An easier way to defend our own degree assessments is to plug our departments into the international conversation about history assessment going on in 46 nations of Europe, Latin America, Central Asia, and Australasia. The European Union’s Bologna Process is seeking to bridge the gaps between national educational systems by defining what experiences make a strong degree. History was chosen as a subject universally taught, and “tuning committees” in every nation involved have been charged with identifying the common goals and processes that make history degrees distinct forms of academic preparation. The intention is to produce an internationally recognized and validated set of outcomes for the history degree. To get some idea of what they are doing, look at the summary provided by Joaquim Carvalho and the benchmark statements for history in the United Kingdom and the Libro Blanco: Titulo de Grado en Historia from Spain.2 For the larger context try CLIOHnet, and the recent work of Clifford Adelman.3

As Adelman points out, one of the reasons we Americans are having such trouble defining our outcomes and assessments is that our system of transfer and articulation refuses to ask about course content and method. An invention of Morris L. Cooke in his 1910 book Academic and Industrial Efficiency the student credit hour became an efficient tool for transfer because it had a static definition that assumed standardized educational outputs and faculty workloads. It did not establish overall degree outcomes, except to say that it took 120 hours to graduate.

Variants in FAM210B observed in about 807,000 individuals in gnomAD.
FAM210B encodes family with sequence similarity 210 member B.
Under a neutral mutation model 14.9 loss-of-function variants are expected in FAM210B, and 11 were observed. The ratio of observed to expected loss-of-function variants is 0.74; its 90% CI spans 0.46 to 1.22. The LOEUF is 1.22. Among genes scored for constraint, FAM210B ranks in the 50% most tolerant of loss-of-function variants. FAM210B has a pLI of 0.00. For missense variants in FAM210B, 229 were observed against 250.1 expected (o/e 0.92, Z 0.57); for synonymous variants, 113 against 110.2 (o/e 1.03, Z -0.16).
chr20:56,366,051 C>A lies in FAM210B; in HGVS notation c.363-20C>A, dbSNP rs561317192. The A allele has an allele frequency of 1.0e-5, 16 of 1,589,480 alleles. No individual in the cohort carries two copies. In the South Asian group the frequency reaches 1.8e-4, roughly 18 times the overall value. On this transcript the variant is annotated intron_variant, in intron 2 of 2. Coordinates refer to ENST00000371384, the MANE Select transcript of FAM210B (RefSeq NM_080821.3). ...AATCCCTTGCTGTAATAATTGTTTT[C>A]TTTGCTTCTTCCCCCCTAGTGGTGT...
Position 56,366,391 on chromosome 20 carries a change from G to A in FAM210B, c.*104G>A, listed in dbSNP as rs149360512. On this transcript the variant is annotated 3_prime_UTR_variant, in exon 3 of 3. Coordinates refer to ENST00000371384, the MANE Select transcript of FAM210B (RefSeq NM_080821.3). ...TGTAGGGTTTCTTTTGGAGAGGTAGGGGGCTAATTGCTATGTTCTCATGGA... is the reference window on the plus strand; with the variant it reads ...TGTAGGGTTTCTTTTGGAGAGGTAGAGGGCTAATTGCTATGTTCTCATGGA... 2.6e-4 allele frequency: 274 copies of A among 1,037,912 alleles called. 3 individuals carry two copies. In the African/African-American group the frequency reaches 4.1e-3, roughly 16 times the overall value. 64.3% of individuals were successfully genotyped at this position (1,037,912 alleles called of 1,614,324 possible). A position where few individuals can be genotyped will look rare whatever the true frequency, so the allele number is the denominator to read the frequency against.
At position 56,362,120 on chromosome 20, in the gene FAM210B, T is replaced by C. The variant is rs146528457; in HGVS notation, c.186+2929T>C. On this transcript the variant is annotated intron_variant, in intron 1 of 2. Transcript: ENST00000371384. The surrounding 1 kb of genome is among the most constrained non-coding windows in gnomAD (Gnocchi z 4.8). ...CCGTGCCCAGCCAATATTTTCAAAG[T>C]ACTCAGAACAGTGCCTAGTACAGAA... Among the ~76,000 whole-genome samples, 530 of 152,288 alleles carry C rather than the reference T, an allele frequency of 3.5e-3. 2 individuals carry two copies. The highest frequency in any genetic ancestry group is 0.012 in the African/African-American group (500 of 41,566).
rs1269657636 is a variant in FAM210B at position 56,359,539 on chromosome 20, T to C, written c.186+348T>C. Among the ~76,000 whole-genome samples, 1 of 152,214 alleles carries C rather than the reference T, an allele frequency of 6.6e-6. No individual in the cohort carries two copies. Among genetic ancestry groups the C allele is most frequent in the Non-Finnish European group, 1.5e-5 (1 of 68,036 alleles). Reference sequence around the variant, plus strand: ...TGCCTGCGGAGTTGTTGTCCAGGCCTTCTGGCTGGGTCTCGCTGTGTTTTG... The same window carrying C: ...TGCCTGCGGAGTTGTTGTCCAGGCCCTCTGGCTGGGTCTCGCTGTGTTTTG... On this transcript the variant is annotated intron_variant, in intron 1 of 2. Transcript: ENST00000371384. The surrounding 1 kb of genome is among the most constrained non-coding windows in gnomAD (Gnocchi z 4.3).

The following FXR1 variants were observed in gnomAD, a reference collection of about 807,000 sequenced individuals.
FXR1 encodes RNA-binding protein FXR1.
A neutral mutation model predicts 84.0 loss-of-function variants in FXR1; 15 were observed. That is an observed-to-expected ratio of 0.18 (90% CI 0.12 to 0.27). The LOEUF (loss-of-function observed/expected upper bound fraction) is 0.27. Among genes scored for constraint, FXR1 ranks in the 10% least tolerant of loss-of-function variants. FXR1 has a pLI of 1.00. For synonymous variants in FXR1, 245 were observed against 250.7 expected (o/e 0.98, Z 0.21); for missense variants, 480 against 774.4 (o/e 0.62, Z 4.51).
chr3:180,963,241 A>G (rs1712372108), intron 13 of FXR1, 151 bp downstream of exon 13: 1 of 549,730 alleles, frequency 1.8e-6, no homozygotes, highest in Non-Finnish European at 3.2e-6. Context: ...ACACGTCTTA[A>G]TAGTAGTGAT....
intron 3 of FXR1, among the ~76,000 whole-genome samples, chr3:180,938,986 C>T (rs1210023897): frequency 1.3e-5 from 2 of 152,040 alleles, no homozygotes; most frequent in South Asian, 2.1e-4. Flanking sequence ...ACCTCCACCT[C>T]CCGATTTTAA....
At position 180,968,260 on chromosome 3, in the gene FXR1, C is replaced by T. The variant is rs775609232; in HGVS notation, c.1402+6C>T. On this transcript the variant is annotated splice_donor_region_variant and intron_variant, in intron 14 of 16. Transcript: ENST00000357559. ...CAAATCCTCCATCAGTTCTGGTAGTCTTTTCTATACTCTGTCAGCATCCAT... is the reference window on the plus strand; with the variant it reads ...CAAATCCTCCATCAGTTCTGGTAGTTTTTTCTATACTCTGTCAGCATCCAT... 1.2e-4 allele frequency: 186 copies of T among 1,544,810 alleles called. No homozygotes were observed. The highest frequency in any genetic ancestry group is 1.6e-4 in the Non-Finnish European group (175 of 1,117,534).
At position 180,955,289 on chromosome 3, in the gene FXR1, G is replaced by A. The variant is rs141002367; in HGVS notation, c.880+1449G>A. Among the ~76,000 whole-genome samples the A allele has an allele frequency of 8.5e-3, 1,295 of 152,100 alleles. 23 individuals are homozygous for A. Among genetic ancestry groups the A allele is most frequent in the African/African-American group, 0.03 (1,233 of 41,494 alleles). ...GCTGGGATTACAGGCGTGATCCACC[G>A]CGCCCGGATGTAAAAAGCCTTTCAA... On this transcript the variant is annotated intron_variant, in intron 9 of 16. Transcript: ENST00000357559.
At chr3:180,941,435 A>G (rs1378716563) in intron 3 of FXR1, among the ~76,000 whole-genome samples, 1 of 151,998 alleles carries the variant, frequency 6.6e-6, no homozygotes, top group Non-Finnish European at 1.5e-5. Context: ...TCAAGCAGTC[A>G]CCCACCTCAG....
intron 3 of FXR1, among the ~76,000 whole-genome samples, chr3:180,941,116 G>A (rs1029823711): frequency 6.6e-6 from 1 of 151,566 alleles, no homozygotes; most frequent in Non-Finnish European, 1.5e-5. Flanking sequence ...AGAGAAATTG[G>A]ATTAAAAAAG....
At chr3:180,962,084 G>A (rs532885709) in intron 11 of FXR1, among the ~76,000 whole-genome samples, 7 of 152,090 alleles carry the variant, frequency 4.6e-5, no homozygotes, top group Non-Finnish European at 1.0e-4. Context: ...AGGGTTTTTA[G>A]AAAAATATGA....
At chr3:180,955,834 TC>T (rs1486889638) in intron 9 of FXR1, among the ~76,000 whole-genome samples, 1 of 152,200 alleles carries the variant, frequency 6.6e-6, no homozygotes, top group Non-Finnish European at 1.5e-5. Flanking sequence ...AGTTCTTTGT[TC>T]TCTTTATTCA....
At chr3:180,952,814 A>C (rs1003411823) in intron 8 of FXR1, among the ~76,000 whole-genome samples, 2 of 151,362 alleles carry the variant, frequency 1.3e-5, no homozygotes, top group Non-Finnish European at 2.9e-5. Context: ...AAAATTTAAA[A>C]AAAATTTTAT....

Our current angst about outcomes and assessment grows out of the long-established custom of measuring the curriculum by hours spent in seats rather than the learning achieved by students. We as teachers, straitjacketed by credit hours, have spent much of our lives shoehorning content and method into arbitrary blocks of seat time. The demand for outcomes assessment should be seized as an opportunity for us to actually talk about the habits of mind our discipline needs to instill in our students. It will do us a world of good, and it will save us from the spreadsheets of bureaucrats who wish us to show continuous improvement until we score 42.

—Norman Jones is professor in the department of history (which he chairs) at Utah State University. He is currently a senior visiting research fellow at Oxford University’s Jesus College.

Notes

1. www.usu.edu/history/abouthistory/goals.htm.

2. Joaquim Carvalho, “Tuning and the History Subject Area,” http://eden.dei.uc.pt/~joaquim/homepage/downloads/files/TuningAndHistory.pdf; www.qaa.ac.uk/academicinfrastructure/benchmark/statements/History07.asp; www.aneca.es/activin/docs/libroblanco_jun05_historia.pdf.

3. Clifford Adelman, The Bologna Club: What U.S. Higher Education Can Learn from a Decade of European Reconstruction (2008) at www.ihep.org/assets/files/TheBolognaClub.pdf. See also “On Accountability, Consider Bologna,” www.insidehighered.com/news/2008/07/28/bologna.